Abraham Polonsky

Abraham Polonsky

Abraham Polonsky, the eldest son of Russian Jewish immigrants, was born in New York on 5th December, 1910. In 1928, he entered City College of New York and, following graduation, earned his law degree in 1935 at Columbia Law School.

Polonsky was a member of the Communist Party and for several years worked as a teacher and lawyer. He also wrote novels and eventually moved to Hollywood and wrote Golden Earrings (1948), Body and Soul (1947) and Force of Evil (1948).

In 1947 the House of Un-American Activities Committee (HUAC) began an investigation into the Hollywood Motion Picture Industry. The HUAC interviewed 41 people who were working in Hollywood. These people attended voluntarily and became known as "friendly witnesses". During their interviews they named several people who they accused of holding left-wing views.

One of those named, Bertolt Brecht, an emigrant playwright, gave evidence and then left for East Germany. Ten others: Herbert Biberman, Lester Cole, Albert Maltz, Adrian Scott, Samuel Ornitz,, Dalton Trumbo, Edward Dmytryk, Ring Lardner Jr., John Howard Lawson and Alvah Bessie refused to answer any questions.

Known as the Hollywood Ten, they claimed that the 1st Amendment of the United States Constitution gave them the right to do this. The House of Un-American Activities Committee and the courts during appeals disagreed and all were found guilty of contempt of congress and each was sentenced to between six and twelve months in prison. As Michael Freedland pointed out in his article, Hunting communists? They were really after Jews: "six of the 10 - John Howard Lawson, Alvah Bessie, Herbert Biberman, Lester Cole, Albert Maltz and Samuel Ornitz - were Jews."

Polonsky was Jewish as well as being a member of the Communist Party but his friends, including John Howard Lawson and John Garfield, refused to name him as a member. However, eventually he was called to appear before the HUAC in April 1951. Although he was willing to talk about his own political past, he refused to name his former comrades and was blacklisted.

Polonsky resignedfrom the Communist Party because he rejected the policies of Joseph Stalin. However he remained committed to Marxist political theory, stating in an interview: "I was a Communist because I thought Marxism offered the best analysis of history, and I still believe that."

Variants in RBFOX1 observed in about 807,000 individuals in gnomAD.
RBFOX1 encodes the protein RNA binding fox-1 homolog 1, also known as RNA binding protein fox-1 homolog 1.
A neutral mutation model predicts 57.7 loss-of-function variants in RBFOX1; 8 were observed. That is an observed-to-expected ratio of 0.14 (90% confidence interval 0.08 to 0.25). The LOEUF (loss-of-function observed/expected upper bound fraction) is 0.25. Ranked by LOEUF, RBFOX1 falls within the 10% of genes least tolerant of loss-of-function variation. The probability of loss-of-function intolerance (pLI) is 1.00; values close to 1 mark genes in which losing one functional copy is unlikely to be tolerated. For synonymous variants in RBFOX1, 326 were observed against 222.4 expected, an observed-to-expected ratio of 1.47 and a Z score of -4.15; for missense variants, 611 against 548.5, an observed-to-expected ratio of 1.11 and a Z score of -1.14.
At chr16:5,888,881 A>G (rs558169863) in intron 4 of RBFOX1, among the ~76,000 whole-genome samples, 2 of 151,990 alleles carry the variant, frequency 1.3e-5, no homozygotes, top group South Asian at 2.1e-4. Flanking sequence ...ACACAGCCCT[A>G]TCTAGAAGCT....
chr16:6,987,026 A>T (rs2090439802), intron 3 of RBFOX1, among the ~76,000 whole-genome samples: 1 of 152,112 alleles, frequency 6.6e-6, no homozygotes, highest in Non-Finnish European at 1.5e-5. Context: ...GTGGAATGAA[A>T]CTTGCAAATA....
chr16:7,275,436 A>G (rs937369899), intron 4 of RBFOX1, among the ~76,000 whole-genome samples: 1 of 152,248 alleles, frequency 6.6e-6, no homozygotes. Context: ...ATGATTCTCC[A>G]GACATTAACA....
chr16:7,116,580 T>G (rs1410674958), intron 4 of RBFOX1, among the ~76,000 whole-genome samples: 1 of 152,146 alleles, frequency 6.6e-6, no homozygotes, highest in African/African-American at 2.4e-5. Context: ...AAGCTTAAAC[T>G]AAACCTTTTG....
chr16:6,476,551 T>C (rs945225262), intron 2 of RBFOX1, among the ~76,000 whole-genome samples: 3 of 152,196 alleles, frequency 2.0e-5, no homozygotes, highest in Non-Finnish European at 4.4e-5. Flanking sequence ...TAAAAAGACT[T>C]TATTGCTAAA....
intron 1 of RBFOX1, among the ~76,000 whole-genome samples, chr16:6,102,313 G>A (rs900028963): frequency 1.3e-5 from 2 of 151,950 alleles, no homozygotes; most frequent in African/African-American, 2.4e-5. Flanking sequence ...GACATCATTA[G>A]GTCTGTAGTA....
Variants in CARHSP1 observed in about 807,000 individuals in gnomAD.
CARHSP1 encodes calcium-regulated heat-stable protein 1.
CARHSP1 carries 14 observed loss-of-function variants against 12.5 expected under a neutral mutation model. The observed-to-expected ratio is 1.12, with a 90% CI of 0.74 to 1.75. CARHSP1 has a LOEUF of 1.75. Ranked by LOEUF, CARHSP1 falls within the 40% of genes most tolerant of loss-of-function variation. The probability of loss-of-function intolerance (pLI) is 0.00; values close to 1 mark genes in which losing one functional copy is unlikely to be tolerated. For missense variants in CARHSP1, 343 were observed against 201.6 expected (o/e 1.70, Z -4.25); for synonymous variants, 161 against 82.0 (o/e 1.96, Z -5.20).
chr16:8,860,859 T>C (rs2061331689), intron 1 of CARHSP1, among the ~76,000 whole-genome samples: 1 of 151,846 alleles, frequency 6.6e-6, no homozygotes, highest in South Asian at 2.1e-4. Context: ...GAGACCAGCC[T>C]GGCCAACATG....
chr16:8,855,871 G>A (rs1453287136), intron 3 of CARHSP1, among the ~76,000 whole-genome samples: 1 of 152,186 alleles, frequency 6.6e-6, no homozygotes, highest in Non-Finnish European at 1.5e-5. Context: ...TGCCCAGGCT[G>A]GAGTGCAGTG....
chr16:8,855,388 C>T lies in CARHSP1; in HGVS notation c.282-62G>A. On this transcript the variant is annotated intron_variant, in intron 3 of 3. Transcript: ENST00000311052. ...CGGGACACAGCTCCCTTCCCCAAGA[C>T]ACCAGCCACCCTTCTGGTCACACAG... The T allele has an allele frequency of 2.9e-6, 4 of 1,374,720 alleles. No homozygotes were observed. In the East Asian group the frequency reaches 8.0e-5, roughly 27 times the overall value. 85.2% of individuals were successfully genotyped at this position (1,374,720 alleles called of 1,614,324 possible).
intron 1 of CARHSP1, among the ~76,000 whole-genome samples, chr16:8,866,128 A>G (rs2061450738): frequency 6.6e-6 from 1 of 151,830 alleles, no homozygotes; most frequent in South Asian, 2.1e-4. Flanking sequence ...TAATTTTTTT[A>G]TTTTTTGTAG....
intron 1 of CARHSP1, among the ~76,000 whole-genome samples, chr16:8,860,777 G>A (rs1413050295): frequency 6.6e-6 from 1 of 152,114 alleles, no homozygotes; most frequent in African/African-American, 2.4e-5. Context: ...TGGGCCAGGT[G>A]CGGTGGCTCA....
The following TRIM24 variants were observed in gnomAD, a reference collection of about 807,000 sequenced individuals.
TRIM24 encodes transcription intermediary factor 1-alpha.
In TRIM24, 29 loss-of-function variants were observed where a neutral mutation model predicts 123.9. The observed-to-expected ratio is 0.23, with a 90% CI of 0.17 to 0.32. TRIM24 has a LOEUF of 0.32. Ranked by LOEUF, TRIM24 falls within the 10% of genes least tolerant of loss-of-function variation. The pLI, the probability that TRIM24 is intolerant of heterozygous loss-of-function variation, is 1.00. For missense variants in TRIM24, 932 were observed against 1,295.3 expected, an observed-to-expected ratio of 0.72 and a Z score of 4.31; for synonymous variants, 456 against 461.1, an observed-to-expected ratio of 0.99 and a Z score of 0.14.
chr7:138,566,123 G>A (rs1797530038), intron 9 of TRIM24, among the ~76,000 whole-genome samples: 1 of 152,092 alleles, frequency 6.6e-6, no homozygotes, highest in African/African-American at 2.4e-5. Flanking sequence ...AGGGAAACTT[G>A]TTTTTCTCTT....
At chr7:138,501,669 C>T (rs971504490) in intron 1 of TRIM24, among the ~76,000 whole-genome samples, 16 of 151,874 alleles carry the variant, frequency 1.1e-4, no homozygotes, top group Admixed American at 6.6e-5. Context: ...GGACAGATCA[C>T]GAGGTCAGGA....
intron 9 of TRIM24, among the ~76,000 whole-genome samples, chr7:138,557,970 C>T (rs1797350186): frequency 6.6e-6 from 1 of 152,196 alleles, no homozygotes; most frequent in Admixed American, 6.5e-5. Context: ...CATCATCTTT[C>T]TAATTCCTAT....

After the blacklist came to an end Polonsky worked on several films such as Madigan (1968), Tell Them Willie Boy Is Here (1969), Romance of a Horsethief (1971), Avalanche Express (1979) and Monsignor (1982).

Abraham Polonsky died of a heart attack in Beverly Hills, Los Angeles, on 26th October, 1999.

Primary Sources

(1) Abraham Polonsky, explained in an interview with Victor Navasky, what he felt towards the people who named him as a member of the Communist Party.

In most cases the informers picked a route that seemed to them an easy solution to a difficult problem; in other words, they could handle their own friends, whom they testified against, better than they could handle the U.S. government harassing them. Schulberg just has to explain one thing: Why did he become an informer when they forced him to? And why didn't he become an informer before they forced him to? The reason was that before, he thought it wasn't a good thing to do. The Nazis pointed a gun up against his head and said, "Look, give us some names," and he says, "Yeah, I hate those guys anyway."

I wish they had acted better, but they're not all Adolf Hitler's. That's all. I myself don't want to have anything to do with them. After all, I was on the ship and they got off and let us go down. In fact, the only way they could get off was by putting us down. That's the peculiar feeling: it wasn't only that they took the lifeboats from the Titanic, you know; they pulled the plugs.